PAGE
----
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Article 1

 

 Carolyn Byerly

 

Carolyn M. Byerly, Ph.D.

Department of Journalism

Howard University, Washington, DC   

                     

 Marcus Hill

 

Marcus Hill

Doctoral Student

Graduate Program in Mass Communication and Media Studies

Howard University, Washington, DC

 

Reformulation Theory: Gauging Feminist Impact on News of Violence Against Women

 

Abstract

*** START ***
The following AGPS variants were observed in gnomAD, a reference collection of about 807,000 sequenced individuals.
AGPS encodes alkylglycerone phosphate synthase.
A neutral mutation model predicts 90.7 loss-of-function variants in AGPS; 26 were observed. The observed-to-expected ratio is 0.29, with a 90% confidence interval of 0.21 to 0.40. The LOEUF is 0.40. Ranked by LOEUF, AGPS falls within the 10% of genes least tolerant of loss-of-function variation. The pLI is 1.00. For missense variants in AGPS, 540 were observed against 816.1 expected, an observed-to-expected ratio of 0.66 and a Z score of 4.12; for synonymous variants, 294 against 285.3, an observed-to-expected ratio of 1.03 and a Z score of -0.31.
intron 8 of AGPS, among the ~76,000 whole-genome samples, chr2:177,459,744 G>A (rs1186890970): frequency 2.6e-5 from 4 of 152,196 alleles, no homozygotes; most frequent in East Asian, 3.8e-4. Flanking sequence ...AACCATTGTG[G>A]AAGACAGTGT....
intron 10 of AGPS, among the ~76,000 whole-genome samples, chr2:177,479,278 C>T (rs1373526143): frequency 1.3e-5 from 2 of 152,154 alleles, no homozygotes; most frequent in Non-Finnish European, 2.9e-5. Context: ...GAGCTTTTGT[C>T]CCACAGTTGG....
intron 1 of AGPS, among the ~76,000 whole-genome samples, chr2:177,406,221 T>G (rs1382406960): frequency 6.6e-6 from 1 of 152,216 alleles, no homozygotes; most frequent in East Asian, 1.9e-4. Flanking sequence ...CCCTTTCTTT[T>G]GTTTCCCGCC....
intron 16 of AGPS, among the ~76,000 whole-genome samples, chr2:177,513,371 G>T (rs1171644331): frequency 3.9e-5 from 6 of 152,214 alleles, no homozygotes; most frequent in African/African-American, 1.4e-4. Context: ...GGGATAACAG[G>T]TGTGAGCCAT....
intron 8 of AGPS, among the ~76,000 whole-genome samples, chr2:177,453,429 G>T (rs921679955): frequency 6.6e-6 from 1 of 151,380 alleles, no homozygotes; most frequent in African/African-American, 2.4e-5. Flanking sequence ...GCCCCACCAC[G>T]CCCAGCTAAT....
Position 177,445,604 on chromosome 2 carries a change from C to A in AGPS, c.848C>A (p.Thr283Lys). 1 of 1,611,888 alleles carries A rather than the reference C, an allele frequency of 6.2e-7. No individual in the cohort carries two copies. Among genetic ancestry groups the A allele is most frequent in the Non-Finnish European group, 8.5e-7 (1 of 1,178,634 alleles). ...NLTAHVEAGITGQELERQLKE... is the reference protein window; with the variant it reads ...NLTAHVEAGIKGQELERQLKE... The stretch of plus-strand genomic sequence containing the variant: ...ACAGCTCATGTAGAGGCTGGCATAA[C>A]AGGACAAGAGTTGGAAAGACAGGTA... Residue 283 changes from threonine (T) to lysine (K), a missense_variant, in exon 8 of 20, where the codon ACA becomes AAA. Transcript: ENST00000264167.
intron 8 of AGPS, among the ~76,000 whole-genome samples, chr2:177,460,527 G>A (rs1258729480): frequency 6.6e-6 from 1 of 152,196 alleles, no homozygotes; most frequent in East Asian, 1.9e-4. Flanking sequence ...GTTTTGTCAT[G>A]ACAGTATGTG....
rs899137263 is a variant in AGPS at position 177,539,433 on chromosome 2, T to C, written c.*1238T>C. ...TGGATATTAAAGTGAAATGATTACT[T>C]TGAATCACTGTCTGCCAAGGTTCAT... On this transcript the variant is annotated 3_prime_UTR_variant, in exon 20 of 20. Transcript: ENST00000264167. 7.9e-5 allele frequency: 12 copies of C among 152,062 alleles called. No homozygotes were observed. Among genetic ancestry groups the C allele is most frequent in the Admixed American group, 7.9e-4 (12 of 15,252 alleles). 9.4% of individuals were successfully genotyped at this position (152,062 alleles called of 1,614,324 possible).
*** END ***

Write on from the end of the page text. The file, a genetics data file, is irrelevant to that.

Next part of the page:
The communication of feminist ideas, political agendas, and achievements through the agency of women’s media activism has received scant attention from feminist scholars.  And yet feminist communication has had measurable impact on the social fabric in the both the United States and other societies these last decades.  This article argues for the building of new radical feminist theory to investigate the impacts of women’s liberation on news coverage in the United States.  Based on emerging data from an ongoing study of news coverage of violence against women, the authors pose Reformulation Theory to explain how new analyses of sexual and domestic violence in the 1970s reframed news in the New York Times, as demonstrated in the indexing of news stories.  Their study examined key terms used in indexing stories over a 40-year period to show when feminist terminology began to replace previous terms defining sexual and other violence against women and children, thereby bringing a new analysis of these problems into public discourse and playing a role in reshaping gender relations.